Once, during rehearsals, Stanislavsky told an actor: "You can act well. You can act badly. Act, as you please. I am not interested. It is important to me that you act veraciously."
The problem of truth is primary in the perilous business of translation. There are ever-present battles between those, who argue that a translator should be as close as possible to the original, and those, who say that literary translation is not all that literary if it does not alter the original. Frequently, both fall into pits of their own creation – the former produce unreadable transmissions and the latter create something that resembles the original only in name. Literary translation, as acting, should be veracious, and thus cannot be either/or, it has to be both, literary and honest to the original.
Sarah Glazer in her 2001 essay "Lost in Translation" implicitly makes a strong case for such translation by evaluating the current English version of "The Second Sex” by Simone de Beauvoir. The “founding text of modern feminism” has been inaccurately translated, to the point of distortion, by a person who was least qualified for such an exercise - a biologist with no background in either feminism or philosophy. Albeit a result of a misunderstanding, this work gave English readers a wrong impression of the author, whom they now see as an “incoherent” and “sloppy” thinker, and destroyed the philosophical merit of the treatise. More disheartening is the fact that the publisher refused a request by Beauvoir's literary heir, Sylvie Le Bon de Beauvoir, to re-translate the work. Thus, the book will remain in its current version and those who wish to read the actual written word of the founding feminist will need to learn French. Perhaps, the argument for verity in “The Second Sex” has more merit – it is crucial to be precise in a work that operates with philosophical concepts, which don’t appreciate misinterpretation. However, Sarah Glazer, addresses a very prominent problem in translation as a whole - frequently, translators are either not part of the world of writing, or confuse the exercise of translating with that of creative writing, or both.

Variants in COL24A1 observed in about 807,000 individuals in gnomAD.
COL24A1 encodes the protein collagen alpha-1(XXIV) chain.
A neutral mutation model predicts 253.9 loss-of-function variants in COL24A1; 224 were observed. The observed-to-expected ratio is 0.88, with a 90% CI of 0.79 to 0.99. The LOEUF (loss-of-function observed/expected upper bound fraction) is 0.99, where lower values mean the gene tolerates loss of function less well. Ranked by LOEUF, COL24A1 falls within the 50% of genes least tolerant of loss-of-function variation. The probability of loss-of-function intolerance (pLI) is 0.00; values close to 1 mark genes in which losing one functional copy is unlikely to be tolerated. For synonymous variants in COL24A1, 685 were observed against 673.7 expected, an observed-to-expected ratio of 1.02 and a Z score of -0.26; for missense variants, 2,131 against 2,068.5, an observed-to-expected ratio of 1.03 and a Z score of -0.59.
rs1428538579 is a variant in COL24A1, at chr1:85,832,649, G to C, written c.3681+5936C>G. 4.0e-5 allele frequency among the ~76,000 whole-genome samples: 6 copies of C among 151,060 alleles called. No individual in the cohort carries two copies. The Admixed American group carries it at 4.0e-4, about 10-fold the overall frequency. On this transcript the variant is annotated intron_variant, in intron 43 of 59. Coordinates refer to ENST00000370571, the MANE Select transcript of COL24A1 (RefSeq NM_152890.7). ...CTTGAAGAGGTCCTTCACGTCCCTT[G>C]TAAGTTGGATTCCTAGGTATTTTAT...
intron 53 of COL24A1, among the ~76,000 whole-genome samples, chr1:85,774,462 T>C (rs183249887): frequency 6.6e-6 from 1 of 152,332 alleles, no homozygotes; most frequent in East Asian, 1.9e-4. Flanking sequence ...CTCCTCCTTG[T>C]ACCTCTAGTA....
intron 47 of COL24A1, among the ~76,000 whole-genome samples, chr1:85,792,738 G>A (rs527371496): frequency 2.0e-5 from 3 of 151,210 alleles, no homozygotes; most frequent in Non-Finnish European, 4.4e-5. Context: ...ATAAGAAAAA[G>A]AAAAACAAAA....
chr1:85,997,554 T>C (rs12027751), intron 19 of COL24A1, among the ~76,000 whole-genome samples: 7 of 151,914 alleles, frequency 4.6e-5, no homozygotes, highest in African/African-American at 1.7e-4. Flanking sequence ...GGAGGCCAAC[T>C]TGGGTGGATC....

Recently, I have been trying to find “Master and Margarita” for a friend of mine. As you know, there are currently 3 versions of the novel available. I have done my research, and have to admit that Pevear and Volokhonsky’s translation is the best. I know, they are accused of monopolizing the market of Russian translation, but the other two versions took liberties with the text that I cannot forgive. I think this team has the fundamentals for "veracious translating" – a native speaker of Russian, a native speaker of English (both literary gifted) and a degree of honesty to the original that is rare.